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|Title:||The role of N-WASP and TXNIP in skin cancer cell proliferation||Authors:||Chung, Yat Joong||Keywords:||DRNTU::Science::Biological sciences||Issue Date:||2019||Source:||Chung, Y. J. (2019). The role of N-WASP and TXNIP in skin cancer cell proliferation. Doctoral thesis, Nanyang Technological University, Singapore.||Abstract:||The ubiquitously-expressed neural Wiskott-Aldrich syndrome protein (N-WASP) regulates actin cytoskeleton remodelling. N-WASP messenger ribonucleic acid (mRNA) levels was found to be reduced in skin squamous cell carcinoma (SCC) samples compared to matched perilesional samples of 33 patients, suggesting it plays a role in skin carcinogenesis. The SCC cell line human skin squamous cell carcinoma 5 (HSC-5) was used to generate control HSC-5 (HSC-5CTR) cells HSC-5 cells overexpressing N-WASP (HSC-5N-WASP) cells. HSC-5N-WASP cells had increased epithelial cadherin (E-cadherin) and vinculin localizations but reduced cell migration, paxillin localization, cell proliferation and protein kinase B (AKT) signalling compared to HSC-5CTR cells. Ingenuity Pathway Analysis (IPA) comparative analysis of proteomics, protein microarray and RNA sequencing (RNA-Seq) data suggested that N-WASP probably regulates Integrin-mediated signalling, forkhead box protein class O1 (FOXO1)-mediated signalling to reduce cell proliferation in HSC-5 cells. Experimental validation found altered Integrin-mediated signalling, whereby HSC-5N-WASP cells had reduced signalling of focal adhesion kinase (FAK), proto-oncogene tyrosine-protein kinase Src (SRC) and growth factor receptor-bound protein 2 (GRB2), but increased signalling of son of sevenless homolog 1 (SOS1) compared to HSC-5CTR cells. It was also found that increased FOXO1 cytoplasmic translocation and degradation may be responsible for reduced HSC-5N-WASP cell proliferation. The activity of extracellular signal-regulated kinase 2 (ERK2) may be responsible for FOXO1 cytoplasmic translocation and degradation. Inhibition of ERK2 in HSC-5N-WASP cells restored cell proliferation rate, E-cadherin, vinculin and paxillin localizations, and cell migration to that of HSC-5CTR cells. Thioredoxin-interacting protein (TXNIP) is a FOXO1 target gene that negatively regulates the thioredoxin system and its ROS-scavenging activity. TXNIP levels were increased in HSC-5N-WASP cells compared to HSC-5CTR cells, suggesting cell proliferation is reduced due to increased reactive oxygen species (ROS) levels. TXNIP knockdown in HSC-5N-WASP cells restored cell proliferation rate, E-cadherin, vinculin and paxillin localizations, and cell migration to that of HSC-5CTR cells. These results suggest that in skin carcinogenesis, reduced N-WASP protein levels keep FOXO1 in the nucleus via reduced ERK2-dependent phosphorylation. TXNIP expression is repressed, allowing unhindered thioredoxin system-mediated ROS scavenging, increasing cell migration and proliferation via altered Integrin-mediated FAK-SRC-GRB2-SOS1 and AKT signalling pathways. These in vitro results could be translated into in vivo solutions for skin cancer treatment and prevention.||URI:||https://hdl.handle.net/10356/89892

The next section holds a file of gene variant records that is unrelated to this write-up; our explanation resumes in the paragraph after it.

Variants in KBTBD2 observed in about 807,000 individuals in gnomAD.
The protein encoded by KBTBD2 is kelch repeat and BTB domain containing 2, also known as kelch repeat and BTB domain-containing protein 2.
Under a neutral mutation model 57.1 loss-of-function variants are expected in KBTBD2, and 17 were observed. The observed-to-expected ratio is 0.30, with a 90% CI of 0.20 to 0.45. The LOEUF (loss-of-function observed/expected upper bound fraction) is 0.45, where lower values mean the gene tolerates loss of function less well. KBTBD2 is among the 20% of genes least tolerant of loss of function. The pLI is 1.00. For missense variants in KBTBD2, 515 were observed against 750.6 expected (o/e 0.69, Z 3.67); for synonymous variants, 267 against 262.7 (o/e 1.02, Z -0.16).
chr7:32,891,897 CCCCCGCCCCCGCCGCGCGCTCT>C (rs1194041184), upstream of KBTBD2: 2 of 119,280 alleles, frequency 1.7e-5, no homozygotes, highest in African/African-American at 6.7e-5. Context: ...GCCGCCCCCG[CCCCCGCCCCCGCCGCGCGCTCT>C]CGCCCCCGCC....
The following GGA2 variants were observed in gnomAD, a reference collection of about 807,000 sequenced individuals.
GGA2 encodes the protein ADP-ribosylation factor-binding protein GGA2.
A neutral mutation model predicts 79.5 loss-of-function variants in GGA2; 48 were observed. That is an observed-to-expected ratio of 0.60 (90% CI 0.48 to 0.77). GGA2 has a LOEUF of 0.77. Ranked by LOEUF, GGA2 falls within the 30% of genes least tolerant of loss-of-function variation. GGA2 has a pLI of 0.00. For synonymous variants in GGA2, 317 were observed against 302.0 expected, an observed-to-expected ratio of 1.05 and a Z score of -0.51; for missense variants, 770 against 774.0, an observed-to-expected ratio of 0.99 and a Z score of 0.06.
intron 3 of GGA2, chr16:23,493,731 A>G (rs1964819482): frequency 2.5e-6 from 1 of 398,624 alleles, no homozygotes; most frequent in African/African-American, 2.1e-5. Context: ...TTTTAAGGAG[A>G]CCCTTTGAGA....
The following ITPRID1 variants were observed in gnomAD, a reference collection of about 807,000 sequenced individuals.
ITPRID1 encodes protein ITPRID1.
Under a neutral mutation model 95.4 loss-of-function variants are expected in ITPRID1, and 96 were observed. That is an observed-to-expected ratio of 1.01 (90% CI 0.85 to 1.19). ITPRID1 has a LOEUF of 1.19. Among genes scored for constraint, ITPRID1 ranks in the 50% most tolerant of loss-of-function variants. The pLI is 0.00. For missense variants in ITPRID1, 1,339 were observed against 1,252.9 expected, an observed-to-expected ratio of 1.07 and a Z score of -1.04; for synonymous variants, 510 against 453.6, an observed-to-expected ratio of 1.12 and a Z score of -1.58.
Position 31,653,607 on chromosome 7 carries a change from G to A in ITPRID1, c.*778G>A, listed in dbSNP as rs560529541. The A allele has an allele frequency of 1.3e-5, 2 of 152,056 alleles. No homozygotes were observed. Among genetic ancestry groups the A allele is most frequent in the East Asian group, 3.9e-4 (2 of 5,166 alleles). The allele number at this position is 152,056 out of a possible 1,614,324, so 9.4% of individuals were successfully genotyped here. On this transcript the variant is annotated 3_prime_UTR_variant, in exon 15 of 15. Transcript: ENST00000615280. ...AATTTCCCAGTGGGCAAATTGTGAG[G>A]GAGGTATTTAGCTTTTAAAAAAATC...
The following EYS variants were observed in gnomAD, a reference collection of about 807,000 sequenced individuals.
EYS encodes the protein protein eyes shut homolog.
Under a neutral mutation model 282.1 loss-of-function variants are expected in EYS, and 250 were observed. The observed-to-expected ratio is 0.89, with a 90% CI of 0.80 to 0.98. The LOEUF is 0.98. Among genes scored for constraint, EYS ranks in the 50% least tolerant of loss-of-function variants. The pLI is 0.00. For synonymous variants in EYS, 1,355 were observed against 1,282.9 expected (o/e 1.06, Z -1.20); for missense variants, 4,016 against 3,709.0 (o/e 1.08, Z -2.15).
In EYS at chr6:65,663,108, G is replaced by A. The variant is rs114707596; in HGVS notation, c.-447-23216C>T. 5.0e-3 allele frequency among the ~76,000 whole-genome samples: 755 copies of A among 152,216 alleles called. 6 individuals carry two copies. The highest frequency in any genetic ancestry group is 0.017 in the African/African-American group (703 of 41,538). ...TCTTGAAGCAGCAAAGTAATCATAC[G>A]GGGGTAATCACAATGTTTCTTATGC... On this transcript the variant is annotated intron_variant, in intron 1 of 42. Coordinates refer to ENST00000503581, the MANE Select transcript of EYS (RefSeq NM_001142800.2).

|DOI:||10.32657/10220/47739||Fulltext Permission:||open||Fulltext Availability:||With Fulltext|
|Appears in Collections:||SBS Theses|
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